We may be, from time to time, involved in various litigation matters. These matters may include, among other things, contract disputes, personal injury claims, environmental claims or proceedings, asbestos and other toxic tort claims, employment matters, governmental claims for taxes or duties and other litigation that arises in the ordinary course of our business.

Although we always intend to defend such matters vigorously, we cannot predict with certainty the outcome or effect of any claim or other litigation matter, and the ultimate outcome of any litigation or the potential costs to resolve them may have a material adverse effect on us. Insurance may not be applicable or sufficient in all cases and/or insurers may not remain solvent, which may have a material adverse effect on our financial condition. Please read "Item 8 Financial Information-Legal Proceedings and Claims."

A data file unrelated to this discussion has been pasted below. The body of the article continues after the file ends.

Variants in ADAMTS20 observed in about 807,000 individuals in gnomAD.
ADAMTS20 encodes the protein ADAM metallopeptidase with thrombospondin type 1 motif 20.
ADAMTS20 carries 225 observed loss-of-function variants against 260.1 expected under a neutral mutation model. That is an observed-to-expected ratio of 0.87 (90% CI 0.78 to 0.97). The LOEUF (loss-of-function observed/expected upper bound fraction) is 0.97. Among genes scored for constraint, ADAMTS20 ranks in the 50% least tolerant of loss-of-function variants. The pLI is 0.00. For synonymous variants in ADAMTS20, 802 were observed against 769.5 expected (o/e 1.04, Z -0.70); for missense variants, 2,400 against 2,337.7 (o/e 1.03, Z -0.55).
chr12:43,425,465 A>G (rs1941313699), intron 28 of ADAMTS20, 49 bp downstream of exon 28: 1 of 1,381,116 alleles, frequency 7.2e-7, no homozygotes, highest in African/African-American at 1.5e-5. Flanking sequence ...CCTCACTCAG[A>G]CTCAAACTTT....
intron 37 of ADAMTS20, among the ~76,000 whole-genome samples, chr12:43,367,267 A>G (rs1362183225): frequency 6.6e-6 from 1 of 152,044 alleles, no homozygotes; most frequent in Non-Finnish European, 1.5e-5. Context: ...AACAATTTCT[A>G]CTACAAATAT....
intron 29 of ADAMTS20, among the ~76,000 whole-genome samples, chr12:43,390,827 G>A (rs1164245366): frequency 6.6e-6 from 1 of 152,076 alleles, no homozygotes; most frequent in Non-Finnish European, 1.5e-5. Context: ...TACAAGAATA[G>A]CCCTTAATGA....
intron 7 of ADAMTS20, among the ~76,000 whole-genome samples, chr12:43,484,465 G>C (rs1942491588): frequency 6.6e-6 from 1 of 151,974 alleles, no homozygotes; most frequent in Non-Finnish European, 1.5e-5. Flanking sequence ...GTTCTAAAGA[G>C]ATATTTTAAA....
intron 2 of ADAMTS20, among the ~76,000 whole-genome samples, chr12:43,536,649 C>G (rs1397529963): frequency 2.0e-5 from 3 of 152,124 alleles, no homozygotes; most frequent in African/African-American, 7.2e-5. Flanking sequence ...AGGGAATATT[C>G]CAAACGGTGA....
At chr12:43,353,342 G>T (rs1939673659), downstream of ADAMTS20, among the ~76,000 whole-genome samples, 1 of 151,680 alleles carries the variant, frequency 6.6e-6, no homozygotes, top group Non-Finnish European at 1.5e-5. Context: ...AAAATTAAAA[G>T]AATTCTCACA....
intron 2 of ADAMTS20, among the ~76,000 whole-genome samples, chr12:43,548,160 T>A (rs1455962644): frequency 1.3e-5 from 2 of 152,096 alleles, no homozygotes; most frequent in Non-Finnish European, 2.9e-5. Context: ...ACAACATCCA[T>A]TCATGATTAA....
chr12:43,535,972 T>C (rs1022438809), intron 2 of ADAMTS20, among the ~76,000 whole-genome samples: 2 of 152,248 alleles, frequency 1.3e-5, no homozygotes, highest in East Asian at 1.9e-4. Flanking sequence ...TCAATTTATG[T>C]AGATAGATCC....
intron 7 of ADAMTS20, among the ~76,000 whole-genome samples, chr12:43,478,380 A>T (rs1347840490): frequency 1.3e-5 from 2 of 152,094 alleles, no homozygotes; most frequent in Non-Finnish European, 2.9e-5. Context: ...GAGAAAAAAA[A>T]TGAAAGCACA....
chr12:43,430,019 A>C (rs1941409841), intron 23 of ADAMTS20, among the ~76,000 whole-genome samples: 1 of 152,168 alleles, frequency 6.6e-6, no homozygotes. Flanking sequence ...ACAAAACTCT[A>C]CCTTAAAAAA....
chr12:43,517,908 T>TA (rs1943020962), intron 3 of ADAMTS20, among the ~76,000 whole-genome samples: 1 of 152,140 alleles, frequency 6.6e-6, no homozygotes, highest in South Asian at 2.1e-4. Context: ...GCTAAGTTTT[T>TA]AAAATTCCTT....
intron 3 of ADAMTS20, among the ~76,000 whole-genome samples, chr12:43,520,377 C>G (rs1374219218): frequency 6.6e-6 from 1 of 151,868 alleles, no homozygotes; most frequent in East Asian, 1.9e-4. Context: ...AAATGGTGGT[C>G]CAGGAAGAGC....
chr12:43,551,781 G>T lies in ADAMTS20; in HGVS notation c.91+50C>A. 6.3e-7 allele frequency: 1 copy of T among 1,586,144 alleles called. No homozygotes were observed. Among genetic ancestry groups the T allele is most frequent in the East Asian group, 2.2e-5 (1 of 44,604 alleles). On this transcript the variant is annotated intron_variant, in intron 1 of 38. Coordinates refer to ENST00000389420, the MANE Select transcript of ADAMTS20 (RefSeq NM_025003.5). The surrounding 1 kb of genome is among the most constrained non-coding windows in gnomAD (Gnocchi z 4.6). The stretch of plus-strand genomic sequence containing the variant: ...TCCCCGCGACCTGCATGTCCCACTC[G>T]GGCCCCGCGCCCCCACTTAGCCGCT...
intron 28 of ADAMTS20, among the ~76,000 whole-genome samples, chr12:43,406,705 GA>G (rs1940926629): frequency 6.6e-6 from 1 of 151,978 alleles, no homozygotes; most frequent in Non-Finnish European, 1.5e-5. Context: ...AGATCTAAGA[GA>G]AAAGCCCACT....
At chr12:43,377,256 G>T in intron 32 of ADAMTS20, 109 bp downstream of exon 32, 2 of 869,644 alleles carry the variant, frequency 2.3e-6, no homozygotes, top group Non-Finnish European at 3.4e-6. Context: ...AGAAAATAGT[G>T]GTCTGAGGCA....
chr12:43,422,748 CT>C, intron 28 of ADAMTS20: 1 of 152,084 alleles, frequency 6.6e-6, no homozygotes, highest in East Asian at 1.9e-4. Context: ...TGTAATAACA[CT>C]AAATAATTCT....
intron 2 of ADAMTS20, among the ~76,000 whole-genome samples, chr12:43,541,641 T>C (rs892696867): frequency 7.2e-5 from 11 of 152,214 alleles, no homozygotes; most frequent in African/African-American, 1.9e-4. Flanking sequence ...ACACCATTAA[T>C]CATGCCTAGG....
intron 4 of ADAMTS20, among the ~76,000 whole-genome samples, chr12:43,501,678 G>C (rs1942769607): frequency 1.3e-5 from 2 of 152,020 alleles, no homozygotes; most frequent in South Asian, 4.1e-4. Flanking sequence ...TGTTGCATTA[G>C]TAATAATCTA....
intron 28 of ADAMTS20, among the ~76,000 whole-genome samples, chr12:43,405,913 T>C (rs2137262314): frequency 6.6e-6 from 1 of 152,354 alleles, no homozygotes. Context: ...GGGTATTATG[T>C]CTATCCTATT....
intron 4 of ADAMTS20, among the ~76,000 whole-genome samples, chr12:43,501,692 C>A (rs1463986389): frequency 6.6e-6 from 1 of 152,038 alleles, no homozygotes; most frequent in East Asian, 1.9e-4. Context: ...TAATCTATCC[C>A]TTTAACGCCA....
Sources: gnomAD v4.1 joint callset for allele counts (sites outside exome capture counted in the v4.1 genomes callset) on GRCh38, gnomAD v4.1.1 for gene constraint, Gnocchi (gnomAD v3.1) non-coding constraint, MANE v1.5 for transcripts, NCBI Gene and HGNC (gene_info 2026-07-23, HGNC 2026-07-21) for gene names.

We will have to make additional contributions to our pension scheme because it is underfunded.

We provide pension plans for certain of our current and former marine employees. Members do not contribute to the plans and they are closed to any new members. As of December 31, 2019, one of the plans is underfunded by $37.6 million. We may need to increase our contributions in order to meet the schemes' liabilities as they fall due, or, to reduce the deficit. Such contributions could have a material and adverse effect on our cash flows and financial condition.

Vessel values may fluctuate substantially and, if these values are lower at a time when we are attempting to dispose of vessels, we may incur a loss and, if these values are higher when we are attempting to acquire vessels, we may not be able to acquire vessels at attractive prices.